How do you get fired for doing a great job and one you love? Easy – be in the military at the end of a conflict. The rubber band personnel policies associated with gearing up and gearing down from conflict are in play.
There have been many recent articles about Captains and Majors receiving their ‘pink slip’ while on duty in Afghanistan. For my non-American readers, a ‘pink slip’ has two American colloquial meanings. The one used here means a termination notice from your human resources (personnel department). The other one, not used here means the title document to a motor vehicle, typically in California. (see: Black Majors dismissed at a great rate than whites at: http://www.armytimes.com/apps/pbcs.dll/article?AID=2014308050052).
All of us who have served in the military have felt privileged to do so. There was a higher dimension of satisfaction with your job and you felt a kinship with your co-workers (past, and present) that is not experienced in the commercial sector.
The work is often demanding and sometimes dangerous. There is generally no such thing as an 8-hour day and my CJICTF (Combined Joint Information Campaign Task Force), the PSYOP task force, in Bosnia had no understanding of the term ‘day off’ even though our Civil Affairs colleagues were off every Sunday.
You feel the work is important and so you give it your all, consequently, when you feel you got screwed, you’re hurt and disappointed.
To this day I can remember how down I was after not being selected for Group Command. “How could the Army be that stupid?” I wondered, after all, I had a pretty good track record and I only lived 6 miles from the unit while the winning candidate lived over 2,000 miles from it.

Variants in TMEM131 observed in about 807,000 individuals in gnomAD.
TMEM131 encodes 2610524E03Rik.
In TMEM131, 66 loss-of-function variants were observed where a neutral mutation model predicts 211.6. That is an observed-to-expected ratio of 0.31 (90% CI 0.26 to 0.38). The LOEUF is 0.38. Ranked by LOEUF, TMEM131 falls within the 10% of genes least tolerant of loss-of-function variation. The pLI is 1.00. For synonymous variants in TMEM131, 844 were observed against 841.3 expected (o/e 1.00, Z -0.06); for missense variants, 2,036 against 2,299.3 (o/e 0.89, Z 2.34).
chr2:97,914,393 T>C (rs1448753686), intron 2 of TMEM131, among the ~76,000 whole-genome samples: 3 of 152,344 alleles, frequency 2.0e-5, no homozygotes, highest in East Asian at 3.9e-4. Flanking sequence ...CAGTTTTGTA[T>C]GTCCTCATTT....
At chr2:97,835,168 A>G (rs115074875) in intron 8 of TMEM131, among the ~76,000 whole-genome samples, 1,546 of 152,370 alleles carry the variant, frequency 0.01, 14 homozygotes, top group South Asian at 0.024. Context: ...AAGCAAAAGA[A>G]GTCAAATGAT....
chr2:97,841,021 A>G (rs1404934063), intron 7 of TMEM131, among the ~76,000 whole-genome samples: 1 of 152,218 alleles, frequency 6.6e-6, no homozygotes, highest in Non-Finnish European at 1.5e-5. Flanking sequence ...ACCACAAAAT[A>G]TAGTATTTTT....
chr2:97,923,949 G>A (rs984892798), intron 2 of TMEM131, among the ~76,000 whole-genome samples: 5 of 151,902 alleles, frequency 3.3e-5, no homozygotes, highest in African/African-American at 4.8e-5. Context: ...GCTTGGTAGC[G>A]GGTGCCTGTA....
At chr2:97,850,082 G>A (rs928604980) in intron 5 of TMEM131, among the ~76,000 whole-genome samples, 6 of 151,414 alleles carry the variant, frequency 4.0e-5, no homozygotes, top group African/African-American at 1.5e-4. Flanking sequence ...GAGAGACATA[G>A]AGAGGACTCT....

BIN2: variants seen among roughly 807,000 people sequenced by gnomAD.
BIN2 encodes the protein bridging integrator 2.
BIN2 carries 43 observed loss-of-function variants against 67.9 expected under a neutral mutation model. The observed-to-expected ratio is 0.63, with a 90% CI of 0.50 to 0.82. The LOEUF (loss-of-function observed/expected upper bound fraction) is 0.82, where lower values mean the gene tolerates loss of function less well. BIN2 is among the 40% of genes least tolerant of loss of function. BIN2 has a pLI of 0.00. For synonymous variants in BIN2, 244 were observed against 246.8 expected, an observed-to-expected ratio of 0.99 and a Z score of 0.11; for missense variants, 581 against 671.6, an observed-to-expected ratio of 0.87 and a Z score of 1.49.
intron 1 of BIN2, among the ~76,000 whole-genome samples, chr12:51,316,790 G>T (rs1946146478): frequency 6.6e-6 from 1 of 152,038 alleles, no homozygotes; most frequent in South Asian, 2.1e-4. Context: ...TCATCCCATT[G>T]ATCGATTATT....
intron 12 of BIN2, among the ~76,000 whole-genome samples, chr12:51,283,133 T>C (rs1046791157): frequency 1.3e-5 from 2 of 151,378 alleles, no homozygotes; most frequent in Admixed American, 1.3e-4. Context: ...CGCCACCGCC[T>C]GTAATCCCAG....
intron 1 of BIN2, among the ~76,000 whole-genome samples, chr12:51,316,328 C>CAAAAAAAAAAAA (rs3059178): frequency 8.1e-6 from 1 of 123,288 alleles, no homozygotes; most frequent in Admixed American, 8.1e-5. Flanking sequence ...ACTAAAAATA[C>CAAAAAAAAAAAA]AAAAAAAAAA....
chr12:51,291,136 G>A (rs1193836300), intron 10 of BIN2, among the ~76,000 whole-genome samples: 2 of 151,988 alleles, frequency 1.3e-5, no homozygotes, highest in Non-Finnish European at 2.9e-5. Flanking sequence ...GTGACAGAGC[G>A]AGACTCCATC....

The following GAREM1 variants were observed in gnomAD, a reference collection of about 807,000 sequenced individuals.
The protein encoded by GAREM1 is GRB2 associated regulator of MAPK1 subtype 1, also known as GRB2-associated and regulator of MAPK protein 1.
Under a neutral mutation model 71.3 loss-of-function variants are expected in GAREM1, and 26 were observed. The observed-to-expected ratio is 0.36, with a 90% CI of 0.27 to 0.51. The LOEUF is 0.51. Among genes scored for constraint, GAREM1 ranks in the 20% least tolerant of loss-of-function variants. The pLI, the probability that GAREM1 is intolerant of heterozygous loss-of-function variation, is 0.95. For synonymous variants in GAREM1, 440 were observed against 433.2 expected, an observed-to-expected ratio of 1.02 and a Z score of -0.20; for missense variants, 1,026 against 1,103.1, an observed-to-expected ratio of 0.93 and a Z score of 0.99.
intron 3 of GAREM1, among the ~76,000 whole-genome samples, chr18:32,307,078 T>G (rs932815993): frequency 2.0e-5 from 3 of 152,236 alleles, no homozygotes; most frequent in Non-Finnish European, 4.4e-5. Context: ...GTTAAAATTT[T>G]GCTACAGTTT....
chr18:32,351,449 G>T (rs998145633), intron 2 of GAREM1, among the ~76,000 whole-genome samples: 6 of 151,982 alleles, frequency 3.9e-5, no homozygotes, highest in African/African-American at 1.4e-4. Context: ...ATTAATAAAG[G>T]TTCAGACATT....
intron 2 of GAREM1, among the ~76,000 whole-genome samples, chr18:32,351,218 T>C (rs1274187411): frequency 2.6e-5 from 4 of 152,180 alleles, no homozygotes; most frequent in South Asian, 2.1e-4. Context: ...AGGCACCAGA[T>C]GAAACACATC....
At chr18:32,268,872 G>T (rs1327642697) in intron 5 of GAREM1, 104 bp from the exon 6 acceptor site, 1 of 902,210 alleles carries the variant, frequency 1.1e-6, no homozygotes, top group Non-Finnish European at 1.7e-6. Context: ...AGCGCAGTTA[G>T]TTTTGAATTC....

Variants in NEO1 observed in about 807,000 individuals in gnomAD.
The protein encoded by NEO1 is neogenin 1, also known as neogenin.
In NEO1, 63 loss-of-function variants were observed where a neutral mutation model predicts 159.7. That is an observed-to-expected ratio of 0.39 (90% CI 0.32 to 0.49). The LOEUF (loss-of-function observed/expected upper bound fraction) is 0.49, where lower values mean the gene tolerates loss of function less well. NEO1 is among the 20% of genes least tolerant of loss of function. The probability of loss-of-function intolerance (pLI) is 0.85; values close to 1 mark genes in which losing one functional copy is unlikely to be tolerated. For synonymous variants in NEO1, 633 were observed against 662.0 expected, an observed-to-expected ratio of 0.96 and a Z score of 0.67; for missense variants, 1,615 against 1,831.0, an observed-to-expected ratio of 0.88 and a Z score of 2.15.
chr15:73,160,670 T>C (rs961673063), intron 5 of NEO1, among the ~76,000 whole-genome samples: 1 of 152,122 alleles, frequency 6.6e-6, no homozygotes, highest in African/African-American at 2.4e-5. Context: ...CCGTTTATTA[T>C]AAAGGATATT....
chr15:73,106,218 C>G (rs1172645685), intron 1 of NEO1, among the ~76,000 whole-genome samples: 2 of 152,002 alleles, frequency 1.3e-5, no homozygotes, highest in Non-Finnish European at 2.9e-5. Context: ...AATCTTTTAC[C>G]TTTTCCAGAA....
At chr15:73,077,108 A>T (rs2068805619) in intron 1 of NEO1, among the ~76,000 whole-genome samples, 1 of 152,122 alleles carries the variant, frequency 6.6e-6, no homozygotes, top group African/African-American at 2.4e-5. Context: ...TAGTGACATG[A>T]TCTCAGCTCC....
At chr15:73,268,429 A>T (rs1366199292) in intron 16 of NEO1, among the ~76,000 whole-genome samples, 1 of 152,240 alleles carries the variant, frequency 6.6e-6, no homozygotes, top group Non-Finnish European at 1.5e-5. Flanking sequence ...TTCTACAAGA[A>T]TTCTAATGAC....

Some time after that I was at a military cocktail party and grumbling about it to LTG Tagney. He looked me in the eye and said “Dietz – it’s the Board System and you can’t do a thing about it.”
I bring this up because I don’t want any of my soldiers who are leaving the Army to feel this action is personal. The Army is an institution and if you love the institution, you need to do what you can to stay connected in the way that makes the most sense for you.
In my case I moved on to the 315st CA Command where I served as the G2 and ultimately to SOCOM where I served as an IO Officer. While neither was as good as Group CDR, I was able to continue my relationship with the military.
Now that I have been retired over 12 years I’m still connected as an ESGR Volunteer, author of this Blog and occasionally, a small government contractor.
My advice to affected individuals is: if you can transfer to the Reserve or the Guard -do so. You’ll maintain the connection and you’ll have a pension when the time comes.
Enjoy the rest of your summer.
Photo Source: teachingisagift.blogspot.com